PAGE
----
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Qaeda suspected as Iranian diplomat seized in Yemen

A Yemeni soldier stands on a hill overlooking Sanna, on January 13, 2010
A Yemeni soldier stands on a hill overlooking Sanna, on January 13, 2010. Gunmen suspected of being members of Al-Qaeda kidnapped an Iranian diplomat in broad daylight on Sunday in the Yemeni capital Sanaa, police said.

Gunmen suspected of being members of Al-Qaeda kidnapped an Iranian diplomat in broad daylight on Sunday in the Yemeni capital Sanaa, police said.

"An Iranian diplomat was abducted on Sunday in Sanaa by armed men," a Yemeni security source told AFP, adding that the envoy was "taken to an unknown destination".

Police said a search was under way to try to locate the man who was snatched in the street near the embassy in the southern Hadda district of the city.

In Tehran, foreign ministry spokesman Abbas Araqchi told the ISNA news agency that "one of the administrative staff members of the Iranian Embassy in Yemen has been abducted by an unknown group".

"This person is Iranian," Araqchi confirmed, naming him as Nour-Ahmad Nikbakht.

Iranian media said Foreign Minister Ali Akbar Salehi had telephoned his Yemeni counterpart Abu Bakr al-Kurbi to say Tehran "condemned this inhumane act and urged the Yemen government to take serious action to release the diplomat".

The reports also said that Sanaa's charge d'affaires was summoned to the foreign ministry in Tehran to hear "serious concerns regarding the fate of its diplomat".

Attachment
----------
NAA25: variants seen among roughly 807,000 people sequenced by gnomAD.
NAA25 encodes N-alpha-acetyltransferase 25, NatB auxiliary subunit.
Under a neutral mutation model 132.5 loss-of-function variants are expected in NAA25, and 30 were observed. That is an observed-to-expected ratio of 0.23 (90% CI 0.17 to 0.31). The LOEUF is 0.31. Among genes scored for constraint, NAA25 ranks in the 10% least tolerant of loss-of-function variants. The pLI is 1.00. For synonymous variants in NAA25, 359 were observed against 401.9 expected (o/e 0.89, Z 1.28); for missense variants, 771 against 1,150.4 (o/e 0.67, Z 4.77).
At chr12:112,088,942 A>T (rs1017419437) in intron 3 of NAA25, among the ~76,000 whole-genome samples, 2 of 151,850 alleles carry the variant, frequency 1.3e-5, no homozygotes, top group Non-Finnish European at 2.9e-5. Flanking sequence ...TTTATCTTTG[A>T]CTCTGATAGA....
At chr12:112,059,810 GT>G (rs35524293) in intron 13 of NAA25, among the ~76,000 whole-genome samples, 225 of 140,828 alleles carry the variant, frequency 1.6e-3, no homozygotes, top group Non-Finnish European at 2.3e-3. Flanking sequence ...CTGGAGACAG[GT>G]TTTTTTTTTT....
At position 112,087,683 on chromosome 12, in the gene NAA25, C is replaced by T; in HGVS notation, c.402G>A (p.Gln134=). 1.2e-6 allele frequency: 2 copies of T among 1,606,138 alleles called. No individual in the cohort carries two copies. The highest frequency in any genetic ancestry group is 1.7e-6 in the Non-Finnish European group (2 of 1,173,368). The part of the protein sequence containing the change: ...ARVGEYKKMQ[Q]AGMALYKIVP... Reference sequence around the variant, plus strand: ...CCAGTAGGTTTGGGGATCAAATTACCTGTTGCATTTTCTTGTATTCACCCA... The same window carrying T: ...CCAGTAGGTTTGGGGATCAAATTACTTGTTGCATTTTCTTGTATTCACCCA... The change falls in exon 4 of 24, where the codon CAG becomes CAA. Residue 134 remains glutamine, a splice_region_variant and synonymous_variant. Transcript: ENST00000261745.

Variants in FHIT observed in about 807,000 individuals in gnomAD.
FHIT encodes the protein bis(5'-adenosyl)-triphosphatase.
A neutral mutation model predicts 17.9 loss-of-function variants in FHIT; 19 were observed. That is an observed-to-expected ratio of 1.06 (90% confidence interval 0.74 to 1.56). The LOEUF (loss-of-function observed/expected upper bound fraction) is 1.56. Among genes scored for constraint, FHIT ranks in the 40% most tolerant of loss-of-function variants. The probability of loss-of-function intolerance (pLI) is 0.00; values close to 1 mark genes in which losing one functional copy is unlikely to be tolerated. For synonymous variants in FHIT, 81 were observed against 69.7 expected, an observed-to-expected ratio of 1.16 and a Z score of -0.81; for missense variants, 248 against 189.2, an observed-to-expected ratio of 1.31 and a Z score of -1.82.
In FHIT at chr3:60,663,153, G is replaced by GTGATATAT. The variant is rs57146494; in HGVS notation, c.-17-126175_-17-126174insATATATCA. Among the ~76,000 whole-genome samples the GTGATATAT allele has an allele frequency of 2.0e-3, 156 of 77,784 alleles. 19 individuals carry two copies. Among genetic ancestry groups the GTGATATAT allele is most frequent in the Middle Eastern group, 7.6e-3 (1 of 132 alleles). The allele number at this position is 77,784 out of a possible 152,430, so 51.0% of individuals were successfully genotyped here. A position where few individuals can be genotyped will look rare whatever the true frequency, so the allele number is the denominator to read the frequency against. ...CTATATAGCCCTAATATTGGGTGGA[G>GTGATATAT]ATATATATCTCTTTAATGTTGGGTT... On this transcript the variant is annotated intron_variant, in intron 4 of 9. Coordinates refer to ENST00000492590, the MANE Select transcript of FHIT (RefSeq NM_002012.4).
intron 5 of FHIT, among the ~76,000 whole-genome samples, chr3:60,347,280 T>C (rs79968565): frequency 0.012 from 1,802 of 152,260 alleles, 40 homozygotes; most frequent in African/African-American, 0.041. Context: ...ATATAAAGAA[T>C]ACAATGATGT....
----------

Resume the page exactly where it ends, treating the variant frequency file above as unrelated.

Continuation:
It was the first time an Iranian is known to be the victim of a kidnapping in the impoverished Arabian Peninsula country.

The abduction comes at a time of tensions between mostly Sunni Muslim Yemen and Shiite Iran, which has been accused by Sanaa of aiding Shiite Zaidi rebels in north Yemen.

ISNA quoted an unidentified embassy source as saying there was no information about the kidnappers, and that a witness to the abduction had told the embassy about it.

"There are suspicions that Al-Qaeda is behind the kidnapping," a Yemeni security officer said, although the police official said the kidnappers' identities were not known.

Militants from Al-Qaeda in the Arabian Peninsula, the network's deadliest branch according to the United States, have been holding Saudi Arabia's deputy consul in Aden, Abdullah al-Khalidi, since March 2012.

AQAP militants are demanding the release of female Al-Qaeda-linked prisoners held in Saudi Arabia in return for Khalidi's release.

They have also held a South African couple since May.

Hundreds of people have been abducted in Yemen in the past 15 years, nearly all of them later freed unharmed.

Kidnappings are often carried out by tribesmen who use their captors as bargaining chips in disputes with the central government.

A Dutch couple abducted in Yemen last month issued an impassioned plea in an Internet video this month for their government to act to secure their release, warning they face execution.

Journalist Judith Spiegel and her partner Boudewijn Berendsen appear in the minute-and-a-half clip posted on YouTube and Facebook and dated July 13.

"We have been kidnapped here in Yemen and we have a big problem," said an emotional Spiegel sitting next to Berendsen.

"These people are armed. If a solution is not found within 10 days, they are going to shoot us."

In early May, members of a southern tribe freed three Red Cross employees, including a Swiss and a Kenyan, along with two Egyptian hostages, following tribal mediation.

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